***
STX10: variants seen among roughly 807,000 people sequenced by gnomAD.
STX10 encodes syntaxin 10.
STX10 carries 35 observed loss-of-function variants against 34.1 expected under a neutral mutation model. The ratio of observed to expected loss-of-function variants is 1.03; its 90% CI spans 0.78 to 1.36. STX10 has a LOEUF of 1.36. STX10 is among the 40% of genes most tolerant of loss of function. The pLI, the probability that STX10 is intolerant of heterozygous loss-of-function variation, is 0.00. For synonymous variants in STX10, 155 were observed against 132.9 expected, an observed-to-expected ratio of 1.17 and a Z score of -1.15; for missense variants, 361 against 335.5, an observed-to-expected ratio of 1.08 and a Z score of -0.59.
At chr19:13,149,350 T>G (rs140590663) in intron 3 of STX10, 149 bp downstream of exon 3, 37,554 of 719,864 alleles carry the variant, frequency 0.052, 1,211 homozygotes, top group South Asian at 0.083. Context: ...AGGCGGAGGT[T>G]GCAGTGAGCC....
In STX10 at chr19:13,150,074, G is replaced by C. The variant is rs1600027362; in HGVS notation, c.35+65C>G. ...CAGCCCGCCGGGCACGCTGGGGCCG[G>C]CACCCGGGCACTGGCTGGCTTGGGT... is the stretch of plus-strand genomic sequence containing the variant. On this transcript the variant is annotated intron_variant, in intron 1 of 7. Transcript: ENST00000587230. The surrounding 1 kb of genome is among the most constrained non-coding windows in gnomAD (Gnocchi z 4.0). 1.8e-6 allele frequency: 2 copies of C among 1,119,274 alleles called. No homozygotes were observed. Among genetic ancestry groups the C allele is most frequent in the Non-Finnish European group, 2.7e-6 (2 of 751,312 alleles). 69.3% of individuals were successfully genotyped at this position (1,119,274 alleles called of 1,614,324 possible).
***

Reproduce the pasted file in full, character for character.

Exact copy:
STX10: variants seen among roughly 807,000 people sequenced by gnomAD.
STX10 encodes syntaxin 10.
STX10 carries 35 observed loss-of-function variants against 34.1 expected under a neutral mutation model. The ratio of observed to expected loss-of-function variants is 1.03; its 90% CI spans 0.78 to 1.36. STX10 has a LOEUF of 1.36. STX10 is among the 40% of genes most tolerant of loss of function. The pLI, the probability that STX10 is intolerant of heterozygous loss-of-function variation, is 0.00. For synonymous variants in STX10, 155 were observed against 132.9 expected, an observed-to-expected ratio of 1.17 and a Z score of -1.15; for missense variants, 361 against 335.5, an observed-to-expected ratio of 1.08 and a Z score of -0.59.
At chr19:13,149,350 T>G (rs140590663) in intron 3 of STX10, 149 bp downstream of exon 3, 37,554 of 719,864 alleles carry the variant, frequency 0.052, 1,211 homozygotes, top group South Asian at 0.083. Context: ...AGGCGGAGGT[T>G]GCAGTGAGCC....
In STX10 at chr19:13,150,074, G is replaced by C. The variant is rs1600027362; in HGVS notation, c.35+65C>G. ...CAGCCCGCCGGGCACGCTGGGGCCG[G>C]CACCCGGGCACTGGCTGGCTTGGGT... is the stretch of plus-strand genomic sequence containing the variant. On this transcript the variant is annotated intron_variant, in intron 1 of 7. Transcript: ENST00000587230. The surrounding 1 kb of genome is among the most constrained non-coding windows in gnomAD (Gnocchi z 4.0). 1.8e-6 allele frequency: 2 copies of C among 1,119,274 alleles called. No homozygotes were observed. Among genetic ancestry groups the C allele is most frequent in the Non-Finnish European group, 2.7e-6 (2 of 751,312 alleles). 69.3% of individuals were successfully genotyped at this position (1,119,274 alleles called of 1,614,324 possible).